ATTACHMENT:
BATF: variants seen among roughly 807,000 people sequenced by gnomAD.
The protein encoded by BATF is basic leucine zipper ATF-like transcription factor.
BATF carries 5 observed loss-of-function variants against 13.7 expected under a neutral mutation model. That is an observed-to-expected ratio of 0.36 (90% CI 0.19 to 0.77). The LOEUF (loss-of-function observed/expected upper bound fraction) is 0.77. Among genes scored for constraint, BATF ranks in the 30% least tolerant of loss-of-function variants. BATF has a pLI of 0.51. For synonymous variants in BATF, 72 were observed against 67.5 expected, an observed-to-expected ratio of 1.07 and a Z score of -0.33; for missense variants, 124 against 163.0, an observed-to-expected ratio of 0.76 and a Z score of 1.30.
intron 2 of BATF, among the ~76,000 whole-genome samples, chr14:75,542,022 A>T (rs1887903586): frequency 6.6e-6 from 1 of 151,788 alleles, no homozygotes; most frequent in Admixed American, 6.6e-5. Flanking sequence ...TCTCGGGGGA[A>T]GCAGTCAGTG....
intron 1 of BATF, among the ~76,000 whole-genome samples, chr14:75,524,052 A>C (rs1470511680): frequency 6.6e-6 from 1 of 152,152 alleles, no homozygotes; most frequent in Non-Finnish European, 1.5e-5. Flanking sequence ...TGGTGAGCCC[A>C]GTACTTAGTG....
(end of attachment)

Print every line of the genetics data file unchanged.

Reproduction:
BATF: variants seen among roughly 807,000 people sequenced by gnomAD.
The protein encoded by BATF is basic leucine zipper ATF-like transcription factor.
BATF carries 5 observed loss-of-function variants against 13.7 expected under a neutral mutation model. That is an observed-to-expected ratio of 0.36 (90% CI 0.19 to 0.77). The LOEUF (loss-of-function observed/expected upper bound fraction) is 0.77. Among genes scored for constraint, BATF ranks in the 30% least tolerant of loss-of-function variants. BATF has a pLI of 0.51. For synonymous variants in BATF, 72 were observed against 67.5 expected, an observed-to-expected ratio of 1.07 and a Z score of -0.33; for missense variants, 124 against 163.0, an observed-to-expected ratio of 0.76 and a Z score of 1.30.
intron 2 of BATF, among the ~76,000 whole-genome samples, chr14:75,542,022 A>T (rs1887903586): frequency 6.6e-6 from 1 of 151,788 alleles, no homozygotes; most frequent in Admixed American, 6.6e-5. Flanking sequence ...TCTCGGGGGA[A>T]GCAGTCAGTG....
intron 1 of BATF, among the ~76,000 whole-genome samples, chr14:75,524,052 A>C (rs1470511680): frequency 6.6e-6 from 1 of 152,152 alleles, no homozygotes; most frequent in Non-Finnish European, 1.5e-5. Flanking sequence ...TGGTGAGCCC[A>C]GTACTTAGTG....